Transdev operates services on the following lines from Britomart: Eastern Line services run along the North Island Main Trunk via Glen Innes to Puhinui diverge onto the Manukau Branch to the Manukau terminus. Southern Line services run out of the Britomart tunnel on the NIMT the Newmarket Line to Newmarket the North Auckland Line to Westfield Junction, the NIMT to Papakura, with a diesel train shuttle service between Papakura and Pukekohe. Western Line services run out of the Britomart tunnel on the NIMT the Newmarket Line to Newmarket the North Auckland Line via Henderson to Swanson. Onehunga Line services run out of the Britomart tunnel on the NIMT the Newmarket Line to Newmarket the North Auckland Line to Penrose where they diverge onto the Onehunga Branch to the terminus at Onehunga. Transdev operates the following rolling stock: 57 AM three-car EMUs running on all lines since full electrification in July 2015 10 ADL/ADC two-car DMUs owned by Auckland TransportThe AM class wear the Auckland Transport livery, the ADL class wear the MAXX livery.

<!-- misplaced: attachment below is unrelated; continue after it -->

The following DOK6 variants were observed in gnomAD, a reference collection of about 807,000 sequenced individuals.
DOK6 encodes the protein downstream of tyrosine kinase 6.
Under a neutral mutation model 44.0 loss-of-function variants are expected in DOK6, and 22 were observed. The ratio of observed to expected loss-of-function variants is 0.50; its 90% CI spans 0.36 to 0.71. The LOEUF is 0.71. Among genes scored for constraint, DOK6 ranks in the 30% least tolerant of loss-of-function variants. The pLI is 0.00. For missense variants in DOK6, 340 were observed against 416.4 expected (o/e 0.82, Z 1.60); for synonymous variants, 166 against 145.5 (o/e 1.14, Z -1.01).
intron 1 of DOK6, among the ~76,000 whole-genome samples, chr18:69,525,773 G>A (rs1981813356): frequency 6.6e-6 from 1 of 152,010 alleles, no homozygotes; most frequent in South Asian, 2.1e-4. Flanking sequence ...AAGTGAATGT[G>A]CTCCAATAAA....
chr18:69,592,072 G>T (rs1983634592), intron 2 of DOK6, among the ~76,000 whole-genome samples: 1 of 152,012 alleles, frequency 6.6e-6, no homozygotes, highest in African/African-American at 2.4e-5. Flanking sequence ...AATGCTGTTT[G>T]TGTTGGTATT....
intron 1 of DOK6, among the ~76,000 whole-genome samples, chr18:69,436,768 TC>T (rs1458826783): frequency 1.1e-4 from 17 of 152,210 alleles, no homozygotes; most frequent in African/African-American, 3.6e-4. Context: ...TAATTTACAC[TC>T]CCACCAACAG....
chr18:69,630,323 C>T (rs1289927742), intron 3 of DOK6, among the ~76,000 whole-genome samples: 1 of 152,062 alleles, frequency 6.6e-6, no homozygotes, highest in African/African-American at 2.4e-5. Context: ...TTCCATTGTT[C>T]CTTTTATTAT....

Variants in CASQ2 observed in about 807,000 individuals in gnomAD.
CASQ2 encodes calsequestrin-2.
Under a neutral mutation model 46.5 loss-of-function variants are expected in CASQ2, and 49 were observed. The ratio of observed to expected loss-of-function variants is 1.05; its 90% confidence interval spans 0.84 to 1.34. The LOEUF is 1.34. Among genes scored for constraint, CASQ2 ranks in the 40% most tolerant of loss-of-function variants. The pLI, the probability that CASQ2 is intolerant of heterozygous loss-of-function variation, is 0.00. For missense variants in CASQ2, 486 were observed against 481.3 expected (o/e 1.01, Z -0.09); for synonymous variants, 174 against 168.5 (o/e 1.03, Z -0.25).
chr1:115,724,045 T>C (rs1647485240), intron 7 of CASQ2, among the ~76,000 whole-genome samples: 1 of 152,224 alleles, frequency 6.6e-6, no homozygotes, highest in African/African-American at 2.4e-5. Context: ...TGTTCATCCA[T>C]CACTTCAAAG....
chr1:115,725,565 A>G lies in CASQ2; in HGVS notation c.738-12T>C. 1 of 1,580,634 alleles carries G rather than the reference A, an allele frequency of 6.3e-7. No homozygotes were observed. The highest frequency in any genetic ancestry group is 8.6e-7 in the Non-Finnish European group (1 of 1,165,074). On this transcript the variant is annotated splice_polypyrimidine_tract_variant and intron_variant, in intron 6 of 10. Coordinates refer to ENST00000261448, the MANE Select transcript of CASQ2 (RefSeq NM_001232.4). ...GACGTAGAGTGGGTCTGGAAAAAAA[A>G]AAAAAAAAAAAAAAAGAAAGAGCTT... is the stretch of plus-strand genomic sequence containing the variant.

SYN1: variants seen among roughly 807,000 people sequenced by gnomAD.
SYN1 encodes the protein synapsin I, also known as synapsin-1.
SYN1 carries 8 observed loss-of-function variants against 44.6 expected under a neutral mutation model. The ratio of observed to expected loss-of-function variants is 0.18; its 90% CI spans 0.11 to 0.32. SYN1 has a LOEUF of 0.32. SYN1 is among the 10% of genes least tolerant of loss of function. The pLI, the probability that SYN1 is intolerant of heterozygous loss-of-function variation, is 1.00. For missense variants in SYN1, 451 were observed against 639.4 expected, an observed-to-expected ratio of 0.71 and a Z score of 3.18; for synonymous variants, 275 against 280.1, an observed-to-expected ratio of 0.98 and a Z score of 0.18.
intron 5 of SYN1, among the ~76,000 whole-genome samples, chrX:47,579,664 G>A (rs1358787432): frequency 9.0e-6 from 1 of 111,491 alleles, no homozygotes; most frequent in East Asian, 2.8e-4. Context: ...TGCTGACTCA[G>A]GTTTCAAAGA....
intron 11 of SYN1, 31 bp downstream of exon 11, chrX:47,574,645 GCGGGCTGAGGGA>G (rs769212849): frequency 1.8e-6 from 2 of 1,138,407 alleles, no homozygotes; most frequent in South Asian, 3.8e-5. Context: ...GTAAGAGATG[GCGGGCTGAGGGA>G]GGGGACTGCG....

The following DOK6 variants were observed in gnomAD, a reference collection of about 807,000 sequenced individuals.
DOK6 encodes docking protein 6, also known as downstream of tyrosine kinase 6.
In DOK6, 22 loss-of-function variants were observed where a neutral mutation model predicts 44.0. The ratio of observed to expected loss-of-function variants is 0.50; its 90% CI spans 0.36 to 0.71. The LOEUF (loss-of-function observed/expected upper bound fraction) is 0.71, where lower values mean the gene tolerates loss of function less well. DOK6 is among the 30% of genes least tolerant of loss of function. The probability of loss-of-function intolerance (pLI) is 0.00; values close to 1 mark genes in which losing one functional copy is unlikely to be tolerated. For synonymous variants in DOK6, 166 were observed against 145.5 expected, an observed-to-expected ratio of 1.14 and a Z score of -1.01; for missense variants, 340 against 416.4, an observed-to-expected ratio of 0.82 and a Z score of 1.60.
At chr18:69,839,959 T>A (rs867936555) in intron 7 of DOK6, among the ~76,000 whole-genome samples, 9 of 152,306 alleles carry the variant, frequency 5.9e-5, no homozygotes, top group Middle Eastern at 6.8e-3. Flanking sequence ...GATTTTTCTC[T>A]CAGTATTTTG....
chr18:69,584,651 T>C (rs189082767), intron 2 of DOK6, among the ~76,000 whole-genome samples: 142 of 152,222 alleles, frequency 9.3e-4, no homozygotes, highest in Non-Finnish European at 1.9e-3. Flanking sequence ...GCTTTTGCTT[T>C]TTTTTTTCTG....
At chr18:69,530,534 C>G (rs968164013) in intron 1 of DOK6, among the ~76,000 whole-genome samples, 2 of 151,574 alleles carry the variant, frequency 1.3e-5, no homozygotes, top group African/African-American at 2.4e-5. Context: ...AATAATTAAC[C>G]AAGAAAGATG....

Transdev operated the following rolling stock until full electrification in July 2015: 20 DC locomotives owned by KiwiRail, operating in push-pull mode with 20 sets of three or four SA cars and an SD driving car with driving cab and remote controls, owned by Auckland Transport. The carriages are stored at Taumarunui and the locomotives have returned to KiwiRail. 4 DFT/DFB locomotives owned by KiwiRail, operating in push-pull mode with six-car sets, now back with KiwiRail 9 ADK/ADB two-car DMUs, in storageAll diesel rolling stock and locomotive-hauled carriage stock is in MAXX Blue livery, except four locomotives which were in KiwiRail livery. Transdev Wellington List of Auckland railway stations List of rapid transit systems Public transport in Auckland Rail transport in New Zealand Official website